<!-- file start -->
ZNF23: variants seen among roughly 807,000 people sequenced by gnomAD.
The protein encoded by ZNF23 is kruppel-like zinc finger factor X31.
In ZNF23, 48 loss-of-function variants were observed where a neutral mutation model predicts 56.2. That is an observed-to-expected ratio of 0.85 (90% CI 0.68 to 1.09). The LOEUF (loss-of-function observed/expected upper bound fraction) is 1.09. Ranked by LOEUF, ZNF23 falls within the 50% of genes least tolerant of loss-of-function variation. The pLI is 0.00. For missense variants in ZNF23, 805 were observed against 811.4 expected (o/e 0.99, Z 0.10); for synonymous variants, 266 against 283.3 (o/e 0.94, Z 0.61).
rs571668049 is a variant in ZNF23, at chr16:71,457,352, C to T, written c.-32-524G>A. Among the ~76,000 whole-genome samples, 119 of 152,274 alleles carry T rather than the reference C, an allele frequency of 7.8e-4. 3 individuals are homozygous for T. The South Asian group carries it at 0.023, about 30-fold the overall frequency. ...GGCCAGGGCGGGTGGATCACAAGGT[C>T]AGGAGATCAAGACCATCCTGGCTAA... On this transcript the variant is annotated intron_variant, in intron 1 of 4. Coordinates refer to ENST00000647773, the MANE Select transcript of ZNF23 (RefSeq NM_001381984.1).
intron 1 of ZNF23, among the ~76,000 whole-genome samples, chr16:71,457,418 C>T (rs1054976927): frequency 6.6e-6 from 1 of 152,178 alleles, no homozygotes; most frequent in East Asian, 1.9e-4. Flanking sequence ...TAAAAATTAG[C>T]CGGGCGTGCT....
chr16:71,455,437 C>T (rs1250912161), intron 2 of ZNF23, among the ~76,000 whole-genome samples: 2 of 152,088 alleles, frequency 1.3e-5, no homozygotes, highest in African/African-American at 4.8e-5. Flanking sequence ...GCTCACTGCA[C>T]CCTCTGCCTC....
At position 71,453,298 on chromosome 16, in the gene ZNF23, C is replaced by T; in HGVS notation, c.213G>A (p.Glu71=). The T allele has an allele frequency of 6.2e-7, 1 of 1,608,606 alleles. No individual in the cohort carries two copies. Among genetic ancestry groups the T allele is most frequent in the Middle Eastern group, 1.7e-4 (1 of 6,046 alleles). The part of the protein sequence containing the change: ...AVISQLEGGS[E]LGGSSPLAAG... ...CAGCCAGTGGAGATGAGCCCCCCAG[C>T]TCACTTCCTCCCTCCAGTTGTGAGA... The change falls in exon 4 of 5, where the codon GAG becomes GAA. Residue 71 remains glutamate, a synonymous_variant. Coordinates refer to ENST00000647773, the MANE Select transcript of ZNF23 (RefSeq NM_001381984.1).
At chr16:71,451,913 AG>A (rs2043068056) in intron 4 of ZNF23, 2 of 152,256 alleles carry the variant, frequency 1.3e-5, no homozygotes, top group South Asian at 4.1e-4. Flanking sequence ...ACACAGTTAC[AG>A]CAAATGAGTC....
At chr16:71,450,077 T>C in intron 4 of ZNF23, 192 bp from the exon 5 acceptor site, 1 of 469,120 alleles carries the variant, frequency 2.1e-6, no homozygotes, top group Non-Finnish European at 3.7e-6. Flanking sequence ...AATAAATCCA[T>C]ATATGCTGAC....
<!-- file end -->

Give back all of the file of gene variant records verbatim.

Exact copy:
ZNF23: variants seen among roughly 807,000 people sequenced by gnomAD.
The protein encoded by ZNF23 is kruppel-like zinc finger factor X31.
In ZNF23, 48 loss-of-function variants were observed where a neutral mutation model predicts 56.2. That is an observed-to-expected ratio of 0.85 (90% CI 0.68 to 1.09). The LOEUF (loss-of-function observed/expected upper bound fraction) is 1.09. Ranked by LOEUF, ZNF23 falls within the 50% of genes least tolerant of loss-of-function variation. The pLI is 0.00. For missense variants in ZNF23, 805 were observed against 811.4 expected (o/e 0.99, Z 0.10); for synonymous variants, 266 against 283.3 (o/e 0.94, Z 0.61).
rs571668049 is a variant in ZNF23, at chr16:71,457,352, C to T, written c.-32-524G>A. Among the ~76,000 whole-genome samples, 119 of 152,274 alleles carry T rather than the reference C, an allele frequency of 7.8e-4. 3 individuals are homozygous for T. The South Asian group carries it at 0.023, about 30-fold the overall frequency. ...GGCCAGGGCGGGTGGATCACAAGGT[C>T]AGGAGATCAAGACCATCCTGGCTAA... On this transcript the variant is annotated intron_variant, in intron 1 of 4. Coordinates refer to ENST00000647773, the MANE Select transcript of ZNF23 (RefSeq NM_001381984.1).
intron 1 of ZNF23, among the ~76,000 whole-genome samples, chr16:71,457,418 C>T (rs1054976927): frequency 6.6e-6 from 1 of 152,178 alleles, no homozygotes; most frequent in East Asian, 1.9e-4. Flanking sequence ...TAAAAATTAG[C>T]CGGGCGTGCT....
chr16:71,455,437 C>T (rs1250912161), intron 2 of ZNF23, among the ~76,000 whole-genome samples: 2 of 152,088 alleles, frequency 1.3e-5, no homozygotes, highest in African/African-American at 4.8e-5. Flanking sequence ...GCTCACTGCA[C>T]CCTCTGCCTC....
At position 71,453,298 on chromosome 16, in the gene ZNF23, C is replaced by T; in HGVS notation, c.213G>A (p.Glu71=). The T allele has an allele frequency of 6.2e-7, 1 of 1,608,606 alleles. No individual in the cohort carries two copies. Among genetic ancestry groups the T allele is most frequent in the Middle Eastern group, 1.7e-4 (1 of 6,046 alleles). The part of the protein sequence containing the change: ...AVISQLEGGS[E]LGGSSPLAAG... ...CAGCCAGTGGAGATGAGCCCCCCAG[C>T]TCACTTCCTCCCTCCAGTTGTGAGA... The change falls in exon 4 of 5, where the codon GAG becomes GAA. Residue 71 remains glutamate, a synonymous_variant. Coordinates refer to ENST00000647773, the MANE Select transcript of ZNF23 (RefSeq NM_001381984.1).
At chr16:71,451,913 AG>A (rs2043068056) in intron 4 of ZNF23, 2 of 152,256 alleles carry the variant, frequency 1.3e-5, no homozygotes, top group South Asian at 4.1e-4. Flanking sequence ...ACACAGTTAC[AG>A]CAAATGAGTC....
At chr16:71,450,077 T>C in intron 4 of ZNF23, 192 bp from the exon 5 acceptor site, 1 of 469,120 alleles carries the variant, frequency 2.1e-6, no homozygotes, top group Non-Finnish European at 3.7e-6. Flanking sequence ...AATAAATCCA[T>C]ATATGCTGAC....